United States

Hi, I‘m Matt. I am Bisexual.

Hello! I am a jazz musician and music teacher/band director in the Dallas/Fort Worth area, and a grateful husband to wonderful wife and father to a terrific son. I am very fortunate to do what I love and find the job I was truly looking for and amazingly lucky to land! I am a jazz studies graduate of University of North Texas and received a masters in music education from Texas Woman's University, where I was a graduate teaching assistant and helped develop the jazz program.

What being bisexual means to me

Being bisexual, and being able to say that I am, means the world to me. It means I am being truthful and honest about every part of who I am, because I have always been that way about every aspect of my life-except for my sexuality, which I am so happy to be making that change and feeling more complete, honest, and open. Being bisexual means sharing and caring, and being uniquely me. Being bisexual means being a positive role model and showing other bisexuals and LGBTQ individuals that they are not alone. Being bisexual means being courageous and standing up for what is right.

What I would like the world to know about bisexuals

The path to understanding my bisexual identity was full of confusion and many moments of self-doubt and fear of rejection from loved ones and society. I would like the world to know that keeping these feelings bottled up was unhealthy and perhaps unnecessary. I hope the world can see the big hearts of bisexuals and try to understand the journey we go through just to be happy and healthy as who we truly are.

What was your path to a bisexual identity?

The first time I came out to someone was to my future wife, who listened and understood (and still does to this day!). I was fortunate that she loved me for who I truly was and helped me during my confusion. I had told her I was attracted to both men and women but didn't understand it--so I didn't use the word bisexual. It wasn't until I turned 28 that I had the epiphany that I could be attracted to both men and women (and other genders) and that that's who I truly was. Before this epiphany, I grew up thinking you had to be either gay or straight, but that just never fit me. This realization was so powerful and I was able to finally put my finger on why I had put myself through so much turmoil.

What is the toughest thing about being bisexual?

Ever since my truthful moment at 28, where I came out to myself for the first time, I have had many moments of identity confusion--where my sexuality was more fluid and felt more attraction to one gender than the other. I knew I wasn't straight, but I had thought that maybe I was gay during a two-year period of my life, despite still feeling attracted to women. Once again, my wife listened and understood my turmoil, and I have always been monogamous, so our relationship grew stronger through this honesty. Then it would flip from time to time (more attraction to women than men). Now at 34, I have the confidence that one thing has remained constant my whole life: I have always been attracted to men and women, not necessarily the same way or same degree, but the attraction has always been there--and that is the toughest part of being bisexual--that sometimes the attractions change, at least for me.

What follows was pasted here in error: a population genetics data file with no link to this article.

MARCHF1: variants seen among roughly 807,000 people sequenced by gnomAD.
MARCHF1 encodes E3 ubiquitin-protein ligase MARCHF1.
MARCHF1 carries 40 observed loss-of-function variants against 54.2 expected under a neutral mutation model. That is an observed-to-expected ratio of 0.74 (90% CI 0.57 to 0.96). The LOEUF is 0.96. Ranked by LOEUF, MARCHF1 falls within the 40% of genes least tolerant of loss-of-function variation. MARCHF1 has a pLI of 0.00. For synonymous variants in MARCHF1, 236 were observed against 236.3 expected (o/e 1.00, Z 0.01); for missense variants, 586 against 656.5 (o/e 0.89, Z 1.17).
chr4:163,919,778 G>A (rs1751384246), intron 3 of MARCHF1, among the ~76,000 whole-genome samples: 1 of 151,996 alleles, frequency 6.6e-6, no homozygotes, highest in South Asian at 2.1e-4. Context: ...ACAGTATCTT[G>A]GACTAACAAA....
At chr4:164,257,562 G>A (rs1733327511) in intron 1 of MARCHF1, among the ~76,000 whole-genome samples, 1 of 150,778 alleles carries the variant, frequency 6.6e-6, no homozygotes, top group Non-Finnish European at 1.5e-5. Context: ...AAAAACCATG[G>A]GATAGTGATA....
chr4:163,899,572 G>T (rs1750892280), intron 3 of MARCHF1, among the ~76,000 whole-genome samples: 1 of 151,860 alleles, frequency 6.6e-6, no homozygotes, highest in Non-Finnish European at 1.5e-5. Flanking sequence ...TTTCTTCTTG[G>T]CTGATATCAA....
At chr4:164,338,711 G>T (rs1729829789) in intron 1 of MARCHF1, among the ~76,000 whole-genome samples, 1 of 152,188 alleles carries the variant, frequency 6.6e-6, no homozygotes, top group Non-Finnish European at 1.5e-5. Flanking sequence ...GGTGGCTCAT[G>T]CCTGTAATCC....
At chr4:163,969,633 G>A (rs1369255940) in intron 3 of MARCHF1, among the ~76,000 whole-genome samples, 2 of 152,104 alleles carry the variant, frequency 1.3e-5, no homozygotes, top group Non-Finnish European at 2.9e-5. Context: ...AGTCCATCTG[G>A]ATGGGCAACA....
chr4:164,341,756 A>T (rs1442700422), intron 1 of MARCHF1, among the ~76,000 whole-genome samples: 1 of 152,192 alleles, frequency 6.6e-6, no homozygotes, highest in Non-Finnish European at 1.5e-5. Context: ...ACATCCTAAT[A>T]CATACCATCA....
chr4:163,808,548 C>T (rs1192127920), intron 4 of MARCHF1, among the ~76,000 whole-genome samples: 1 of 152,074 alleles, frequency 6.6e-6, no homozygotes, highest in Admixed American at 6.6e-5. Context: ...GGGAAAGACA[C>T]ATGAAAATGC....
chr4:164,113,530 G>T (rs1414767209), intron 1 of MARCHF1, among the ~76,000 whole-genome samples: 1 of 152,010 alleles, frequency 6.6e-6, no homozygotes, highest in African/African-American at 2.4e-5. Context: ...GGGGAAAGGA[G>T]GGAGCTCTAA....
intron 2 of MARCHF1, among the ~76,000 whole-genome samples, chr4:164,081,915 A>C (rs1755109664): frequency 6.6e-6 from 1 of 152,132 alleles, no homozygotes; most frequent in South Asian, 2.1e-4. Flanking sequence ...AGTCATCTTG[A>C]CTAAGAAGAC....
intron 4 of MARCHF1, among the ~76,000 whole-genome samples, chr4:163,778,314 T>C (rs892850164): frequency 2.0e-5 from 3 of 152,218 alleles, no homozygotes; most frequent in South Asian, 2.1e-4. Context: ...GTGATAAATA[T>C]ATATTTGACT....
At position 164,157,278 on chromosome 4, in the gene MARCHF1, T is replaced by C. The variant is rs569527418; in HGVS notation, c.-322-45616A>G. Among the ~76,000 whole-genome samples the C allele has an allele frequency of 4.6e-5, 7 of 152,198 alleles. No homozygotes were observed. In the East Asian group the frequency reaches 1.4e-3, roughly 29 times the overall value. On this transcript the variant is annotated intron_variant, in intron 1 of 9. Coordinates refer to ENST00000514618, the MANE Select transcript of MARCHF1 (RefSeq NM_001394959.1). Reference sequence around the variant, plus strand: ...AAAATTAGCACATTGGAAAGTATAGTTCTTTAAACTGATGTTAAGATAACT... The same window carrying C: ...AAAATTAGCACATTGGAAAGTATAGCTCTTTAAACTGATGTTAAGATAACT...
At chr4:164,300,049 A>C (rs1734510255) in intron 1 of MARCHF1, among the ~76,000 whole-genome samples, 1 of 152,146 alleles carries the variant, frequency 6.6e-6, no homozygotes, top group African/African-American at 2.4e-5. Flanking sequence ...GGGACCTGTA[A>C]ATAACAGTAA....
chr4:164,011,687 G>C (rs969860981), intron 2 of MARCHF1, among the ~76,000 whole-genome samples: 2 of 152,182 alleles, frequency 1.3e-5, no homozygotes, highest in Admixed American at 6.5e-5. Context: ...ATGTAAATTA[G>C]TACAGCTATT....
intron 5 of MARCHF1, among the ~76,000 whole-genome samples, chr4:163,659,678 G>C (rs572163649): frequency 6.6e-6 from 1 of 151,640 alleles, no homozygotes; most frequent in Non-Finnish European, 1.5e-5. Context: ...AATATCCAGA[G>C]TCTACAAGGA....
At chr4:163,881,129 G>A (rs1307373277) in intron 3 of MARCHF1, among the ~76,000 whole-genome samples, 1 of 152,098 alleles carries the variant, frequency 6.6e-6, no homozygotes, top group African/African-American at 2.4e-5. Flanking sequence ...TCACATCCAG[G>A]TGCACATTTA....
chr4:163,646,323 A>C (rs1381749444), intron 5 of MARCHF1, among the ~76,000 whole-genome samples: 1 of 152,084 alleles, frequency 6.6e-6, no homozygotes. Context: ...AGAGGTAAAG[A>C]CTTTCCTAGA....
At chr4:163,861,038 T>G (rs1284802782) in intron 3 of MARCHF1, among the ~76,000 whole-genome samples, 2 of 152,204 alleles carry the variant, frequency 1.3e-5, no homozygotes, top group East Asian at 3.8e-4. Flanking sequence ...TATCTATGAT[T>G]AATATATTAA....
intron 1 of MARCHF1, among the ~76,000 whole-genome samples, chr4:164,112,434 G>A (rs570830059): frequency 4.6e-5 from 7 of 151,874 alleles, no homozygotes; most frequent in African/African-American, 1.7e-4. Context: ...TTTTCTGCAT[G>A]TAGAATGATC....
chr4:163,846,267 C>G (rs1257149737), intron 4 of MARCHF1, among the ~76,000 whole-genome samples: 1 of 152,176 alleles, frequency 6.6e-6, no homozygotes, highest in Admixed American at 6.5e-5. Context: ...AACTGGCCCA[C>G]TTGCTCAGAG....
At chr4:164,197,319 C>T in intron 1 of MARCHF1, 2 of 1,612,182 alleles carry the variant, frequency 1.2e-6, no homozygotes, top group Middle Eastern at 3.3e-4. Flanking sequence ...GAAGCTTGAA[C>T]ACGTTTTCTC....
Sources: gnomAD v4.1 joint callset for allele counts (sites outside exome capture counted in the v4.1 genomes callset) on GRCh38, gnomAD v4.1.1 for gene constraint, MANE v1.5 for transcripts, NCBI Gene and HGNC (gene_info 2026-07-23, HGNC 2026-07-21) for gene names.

What is the best thing about being bisexual?

The best part of being bisexual--is that I couldn't see myself any other way! I have become more aware of the issues in the LGBTQ community and connect myself more. I see myself becoming more involved and I think I want to be more out and open because I could make a difference.

How have other people in your life reacted to your bisexuality?

Not long after my epiphany, I first talked with my wife many times, and then I finally came out to my sister and mother. I wasn't "brave enough" at the time to tell my father, who definitely would have been just as caring, but I let my mom do that for me. They have just always been worried about me as far as my well-being, safety, and my family. I then told some of my cousins that I grew up with, and they were very positive. I finally found some courage to tell a few friends that I knew were supportive of the LGBTQ community, as well as some gay friends. I have continued to gain more confidence in coming out to others at my own pace (sometimes very slow), and I attribute the positivity and support to my planning and thoughtfulness in how I approach telling people--especially the ones I care about the most.

What advice do you have for someone who thinks they may be bi or who is in the process of coming out as bi?

For those who think they may be bi, it is okay to not know. After thinking I was, I then thought I was gay, and then realized that couldn't be the case, in that my attractions to women never went away. The main thing is--it is okay to not know. For me, the biggest help was having some people to talk to (mainly my wife), and I studied LGBTQ literature and just read a lot. I still do, and really helps me put my thoughts in order and feel better when I feel a little down or confused. Coming out is an exciting process, but one I still dread--but still want to do. I encourage you to take it slowly. I still very much am in the closet to some people I truly care about, and would like very much for that to change. I hope to maybe share this profile with them so they could possibly have better understanding. I think there's 2 important reasons to come out as bisexual: 1, it's a part of you that you want your loved ones to see--for me, it's become a feeling of holding my breath in forever and I just have to let it out and let them know, because I really care that much; and 2, it's an opportunity to be a voice and help those in need.